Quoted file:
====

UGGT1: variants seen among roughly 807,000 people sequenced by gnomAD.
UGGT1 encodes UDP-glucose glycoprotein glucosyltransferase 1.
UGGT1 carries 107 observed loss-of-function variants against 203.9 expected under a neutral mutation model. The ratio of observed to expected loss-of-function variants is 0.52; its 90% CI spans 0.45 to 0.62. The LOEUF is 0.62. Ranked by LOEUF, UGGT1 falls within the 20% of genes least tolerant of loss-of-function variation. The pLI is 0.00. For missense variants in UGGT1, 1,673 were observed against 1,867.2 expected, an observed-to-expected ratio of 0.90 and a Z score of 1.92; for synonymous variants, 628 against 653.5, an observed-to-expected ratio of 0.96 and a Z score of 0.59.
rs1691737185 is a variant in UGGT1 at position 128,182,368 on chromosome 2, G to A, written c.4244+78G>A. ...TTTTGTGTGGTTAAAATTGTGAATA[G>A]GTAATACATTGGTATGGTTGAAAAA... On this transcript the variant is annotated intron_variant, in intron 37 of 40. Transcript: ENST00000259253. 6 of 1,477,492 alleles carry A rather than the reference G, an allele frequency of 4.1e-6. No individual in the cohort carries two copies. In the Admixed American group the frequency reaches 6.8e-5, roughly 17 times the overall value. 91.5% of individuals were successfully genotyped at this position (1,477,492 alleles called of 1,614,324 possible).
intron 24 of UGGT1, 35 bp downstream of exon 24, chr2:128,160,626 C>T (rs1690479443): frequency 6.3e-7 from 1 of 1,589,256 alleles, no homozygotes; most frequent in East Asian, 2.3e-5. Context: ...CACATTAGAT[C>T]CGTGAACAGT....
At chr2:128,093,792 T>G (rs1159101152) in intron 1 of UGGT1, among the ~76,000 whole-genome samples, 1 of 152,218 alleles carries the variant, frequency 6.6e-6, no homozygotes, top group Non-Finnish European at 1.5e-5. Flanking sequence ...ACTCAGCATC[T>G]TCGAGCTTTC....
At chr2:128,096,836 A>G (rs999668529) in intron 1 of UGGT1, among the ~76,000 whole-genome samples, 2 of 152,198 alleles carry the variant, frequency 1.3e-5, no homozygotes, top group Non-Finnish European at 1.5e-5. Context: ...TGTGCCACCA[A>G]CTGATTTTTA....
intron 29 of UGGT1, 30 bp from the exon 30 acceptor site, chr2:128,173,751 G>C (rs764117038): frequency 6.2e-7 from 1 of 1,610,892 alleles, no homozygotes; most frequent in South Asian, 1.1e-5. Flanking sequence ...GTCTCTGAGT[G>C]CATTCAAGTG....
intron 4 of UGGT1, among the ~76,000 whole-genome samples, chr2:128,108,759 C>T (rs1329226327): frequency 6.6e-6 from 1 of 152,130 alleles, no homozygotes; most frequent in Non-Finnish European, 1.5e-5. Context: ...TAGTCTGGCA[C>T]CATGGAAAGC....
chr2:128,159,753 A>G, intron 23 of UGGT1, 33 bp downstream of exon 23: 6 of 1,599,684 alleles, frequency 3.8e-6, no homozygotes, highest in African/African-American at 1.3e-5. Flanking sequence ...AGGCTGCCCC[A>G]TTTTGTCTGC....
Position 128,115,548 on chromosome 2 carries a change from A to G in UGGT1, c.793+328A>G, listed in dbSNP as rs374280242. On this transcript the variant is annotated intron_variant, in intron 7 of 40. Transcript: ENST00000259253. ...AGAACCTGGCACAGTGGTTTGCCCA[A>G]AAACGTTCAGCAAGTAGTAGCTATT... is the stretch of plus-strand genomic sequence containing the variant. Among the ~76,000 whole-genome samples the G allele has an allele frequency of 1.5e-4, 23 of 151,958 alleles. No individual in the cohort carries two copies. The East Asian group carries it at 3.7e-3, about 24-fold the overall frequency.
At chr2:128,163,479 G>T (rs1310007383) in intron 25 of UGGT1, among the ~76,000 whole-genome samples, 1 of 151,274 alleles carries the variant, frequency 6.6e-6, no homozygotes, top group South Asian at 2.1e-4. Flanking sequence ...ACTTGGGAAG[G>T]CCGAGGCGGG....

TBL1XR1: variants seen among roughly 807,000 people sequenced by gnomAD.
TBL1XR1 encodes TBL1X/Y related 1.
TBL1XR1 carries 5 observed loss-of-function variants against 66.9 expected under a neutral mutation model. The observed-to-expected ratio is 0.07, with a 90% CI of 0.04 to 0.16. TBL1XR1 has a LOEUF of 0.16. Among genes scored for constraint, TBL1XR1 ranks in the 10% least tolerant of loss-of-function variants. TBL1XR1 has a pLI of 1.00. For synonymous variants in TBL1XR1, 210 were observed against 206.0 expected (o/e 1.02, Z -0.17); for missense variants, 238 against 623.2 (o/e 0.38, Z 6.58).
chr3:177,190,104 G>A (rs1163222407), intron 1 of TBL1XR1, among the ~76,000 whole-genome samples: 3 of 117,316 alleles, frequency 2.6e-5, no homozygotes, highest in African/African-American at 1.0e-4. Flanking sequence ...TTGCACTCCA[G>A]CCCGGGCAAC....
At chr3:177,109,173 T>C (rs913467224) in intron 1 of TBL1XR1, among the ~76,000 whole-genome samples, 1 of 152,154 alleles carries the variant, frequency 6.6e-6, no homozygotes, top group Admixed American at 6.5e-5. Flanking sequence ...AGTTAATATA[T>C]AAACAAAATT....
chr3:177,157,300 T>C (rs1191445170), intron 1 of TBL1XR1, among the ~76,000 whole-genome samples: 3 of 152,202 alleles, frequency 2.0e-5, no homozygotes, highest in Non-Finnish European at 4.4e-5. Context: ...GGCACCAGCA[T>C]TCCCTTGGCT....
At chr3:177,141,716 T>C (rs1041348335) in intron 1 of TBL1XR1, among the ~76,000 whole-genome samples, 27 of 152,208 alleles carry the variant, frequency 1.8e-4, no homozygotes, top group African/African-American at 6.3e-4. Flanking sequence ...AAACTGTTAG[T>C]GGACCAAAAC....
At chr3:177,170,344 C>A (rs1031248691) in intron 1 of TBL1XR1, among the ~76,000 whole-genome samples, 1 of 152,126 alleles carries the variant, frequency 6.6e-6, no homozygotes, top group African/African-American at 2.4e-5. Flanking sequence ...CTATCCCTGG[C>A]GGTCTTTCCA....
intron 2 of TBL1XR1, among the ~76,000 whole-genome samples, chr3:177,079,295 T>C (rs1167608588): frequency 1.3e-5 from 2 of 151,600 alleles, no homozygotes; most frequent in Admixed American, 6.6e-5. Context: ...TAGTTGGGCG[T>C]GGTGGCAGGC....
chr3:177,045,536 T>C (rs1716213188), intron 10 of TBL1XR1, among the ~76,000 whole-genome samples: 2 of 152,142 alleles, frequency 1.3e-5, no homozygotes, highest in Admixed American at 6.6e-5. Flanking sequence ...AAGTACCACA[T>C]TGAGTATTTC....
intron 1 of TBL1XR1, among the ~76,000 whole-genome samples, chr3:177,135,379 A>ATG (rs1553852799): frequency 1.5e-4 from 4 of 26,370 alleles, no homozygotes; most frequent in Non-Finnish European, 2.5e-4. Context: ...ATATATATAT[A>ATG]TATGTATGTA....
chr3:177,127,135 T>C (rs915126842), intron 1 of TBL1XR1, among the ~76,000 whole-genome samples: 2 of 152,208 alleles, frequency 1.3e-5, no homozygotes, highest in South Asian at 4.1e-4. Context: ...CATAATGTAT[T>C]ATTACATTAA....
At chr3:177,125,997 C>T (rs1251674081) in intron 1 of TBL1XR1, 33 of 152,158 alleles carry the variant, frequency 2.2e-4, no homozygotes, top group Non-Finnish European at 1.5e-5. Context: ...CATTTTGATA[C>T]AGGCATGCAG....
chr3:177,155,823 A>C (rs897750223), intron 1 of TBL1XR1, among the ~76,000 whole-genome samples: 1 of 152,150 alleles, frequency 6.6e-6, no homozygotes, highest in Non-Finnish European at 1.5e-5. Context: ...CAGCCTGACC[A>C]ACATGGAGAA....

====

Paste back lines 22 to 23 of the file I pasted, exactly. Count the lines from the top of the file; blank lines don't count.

chr3:177,045,536 T>C (rs1716213188), intron 10 of TBL1XR1, among the ~76,000 whole-genome samples: 2 of 152,142 alleles, frequency 1.3e-5, no homozygotes, highest in Admixed American at 6.6e-5. Flanking sequence ...AAGTACCACA[T>C]TGAGTATTTC....
intron 1 of TBL1XR1, among the ~76,000 whole-genome samples, chr3:177,135,379 A>ATG (rs1553852799): frequency 1.5e-4 from 4 of 26,370 alleles, no homozygotes; most frequent in Non-Finnish European, 2.5e-4. Context: ...ATATATATAT[A>ATG]TATGTATGTA....